Eating disorder can affect pregnancy outcome and offspring’s health

Eating disorder can affect pregnancy outcome and offspring’s health

A pregnant woman with an eating disorder (ED) needs to be screened for complications more carefully because she is part of a high-risk population, says a new study published in the journal JAMA Psychiatry on November 20, 2019. The risks to the fetus include being born with a small head, and preterm birth.

Millions of people around the world have ED, and most of these are women in the reproductive age. However, there is not much information on how eating disorders in pregnancy affect offspring.

The study

The current study is aimed at exploring the impact of eating disorders on the offspring of affected mothers. It looked at 1.2 million mothers in Sweden who delivered babies between 2003 and 2014. The number of women with eating disorders was about 7600, of whom approximately 2800 had anorexia, 1400 bulimia, and 3400 an unspecified ED.

The researchers looked at the risk posed by individual ED as well as the overall risk. They also explored the difference in risk when the mother had an active eating disorder or a history of one.

The risk calculations were carried out for hyperemesis, anemia, preeclampsia, antepartum hemorrhage, clubbed under poor pregnancy outcomes; mode of delivery, whether cesarean, vaginal or instrumental vaginal delivery; and newborn factors, including preterm birth, birth weight for gestational age, Apgar score <7 at 5 minutes (indicating overall newborn health) and microcephaly.

The findings

The study showed that the risk of premature birth, microcephaly, and hyperemesis was higher for women with ED of any type. Any form of ED increased the risk of premature delivery with the highest risk for women with anorexia nervosa (60%), followed by unspecified ED (40%) and bulimia (40%). The risk of very preterm birth was highest in bulimia, at 70%, but all three subtypes had a 70% to 90% increased risk of induced preterm birth for medical reasons rather than spontaneous preterm birth.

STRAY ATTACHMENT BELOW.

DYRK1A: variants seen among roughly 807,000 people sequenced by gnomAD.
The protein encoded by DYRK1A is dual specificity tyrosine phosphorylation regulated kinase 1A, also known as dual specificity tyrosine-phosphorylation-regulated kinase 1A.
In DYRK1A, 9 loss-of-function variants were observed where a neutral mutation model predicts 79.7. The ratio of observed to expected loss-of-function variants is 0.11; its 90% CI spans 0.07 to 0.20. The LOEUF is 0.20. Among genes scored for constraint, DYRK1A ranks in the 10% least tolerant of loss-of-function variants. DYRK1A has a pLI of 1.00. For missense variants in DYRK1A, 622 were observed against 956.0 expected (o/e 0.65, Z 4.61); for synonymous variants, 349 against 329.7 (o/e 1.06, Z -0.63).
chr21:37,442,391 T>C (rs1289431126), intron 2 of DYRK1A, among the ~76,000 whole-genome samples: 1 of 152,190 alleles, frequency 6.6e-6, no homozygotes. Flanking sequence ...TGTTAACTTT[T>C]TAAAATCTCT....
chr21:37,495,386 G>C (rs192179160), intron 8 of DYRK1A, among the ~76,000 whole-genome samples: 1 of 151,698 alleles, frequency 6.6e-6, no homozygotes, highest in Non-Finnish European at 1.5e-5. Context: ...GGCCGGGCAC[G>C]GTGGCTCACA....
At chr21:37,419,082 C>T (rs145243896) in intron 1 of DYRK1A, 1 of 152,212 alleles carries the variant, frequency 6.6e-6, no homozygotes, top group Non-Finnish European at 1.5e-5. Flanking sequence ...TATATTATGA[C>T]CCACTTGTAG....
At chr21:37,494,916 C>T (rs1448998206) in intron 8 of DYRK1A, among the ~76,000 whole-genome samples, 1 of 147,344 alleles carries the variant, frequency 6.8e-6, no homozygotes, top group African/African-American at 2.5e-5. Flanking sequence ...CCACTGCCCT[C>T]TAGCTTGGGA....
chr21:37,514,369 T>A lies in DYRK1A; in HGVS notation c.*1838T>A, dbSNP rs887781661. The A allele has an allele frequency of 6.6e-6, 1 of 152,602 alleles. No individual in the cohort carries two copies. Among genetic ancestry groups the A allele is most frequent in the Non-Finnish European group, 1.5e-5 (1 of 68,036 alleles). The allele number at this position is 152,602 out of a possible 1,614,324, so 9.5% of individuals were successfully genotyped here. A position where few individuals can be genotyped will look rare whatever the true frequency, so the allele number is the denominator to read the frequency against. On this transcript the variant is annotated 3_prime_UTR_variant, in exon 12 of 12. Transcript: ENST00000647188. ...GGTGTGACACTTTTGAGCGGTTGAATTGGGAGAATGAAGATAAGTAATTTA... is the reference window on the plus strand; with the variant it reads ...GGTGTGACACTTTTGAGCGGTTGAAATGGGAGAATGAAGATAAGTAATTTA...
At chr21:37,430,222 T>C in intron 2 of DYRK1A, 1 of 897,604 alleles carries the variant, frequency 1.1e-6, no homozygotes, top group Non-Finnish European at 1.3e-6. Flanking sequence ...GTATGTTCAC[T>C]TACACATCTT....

Microcephaly refers to the presence of a head circumference, which is higher than expected for the term of gestation. The risk was increased by 90% in women with anorexia nervosa and by 60% and 40% in women with bulimia and unspecified ED, respectively.
Hyperemesis is the term used to denote excessive vomiting and nausea in pregnancy, affecting the mother’s health. Hyperemesis was two times higher in women with anorexia and bulimia.
With regard to active anorexia and unspecified eating disorders, women were at twofold risk for anemia overall compared to women without eating disorders.

Women with an active anorexia disorder were at a 60% increased risk for antepartum hemorrhage (bleeding during pregnancy). In most cases, this was caused by a low-lying placenta, abruptio placentae (separation of the placenta before the baby is born), and unspecified bleeding. However, the risk was slightly higher in those with active disease.

Most of the increased risk to the baby was during active disease, but the risk was still higher if a woman had been treated for an eating disorder even as long ago as a year before the current pregnancy start.


Many reasons may be given to explain this association. For instance, a nutritional deficiency could limit fetal growth in an eating disorder. Stress levels are high in both anorexia and bulimia, which increases cortisol levels. This hormone has been identified as a high-risk factor for microcephaly.

Nutritional deficiency and stress are also linked to premature birth in previous research. Vitamin and mineral deficiencies also increase the risk of premature separation of the placenta, or abruption, which is a major cause of bleeding during pregnancy prior to delivery. For instance, such malnutrition increases the risk of infection and poor placenta development, both of which increase the chances of abruption.

Hyperemesis risk was increased in the group with eating disorders. However, when the researchers made adjustments for anxiety or depression, which are also common during pregnancy, this increased risk was no longer seen. However, other risk outcomes were still increased even after adjusting for the mother’s age or smoking.


Researcher Angla Mantel says, “Women with eating disorder should be recognized as a high-risk group among pregnant women. From a clinical point of view, this means that care providers need to develop better routines to identify women with active or previous eating disorders and consider extended pregnancy screenings to meet their needs.”

Journal reference:
Mantel, A. et al. (2019). Association of maternal eating disorders with pregnancy and neonatal outcomes. JAMA Psychiatry. doi:10.1001/jamapsychiatry.2019.3664.

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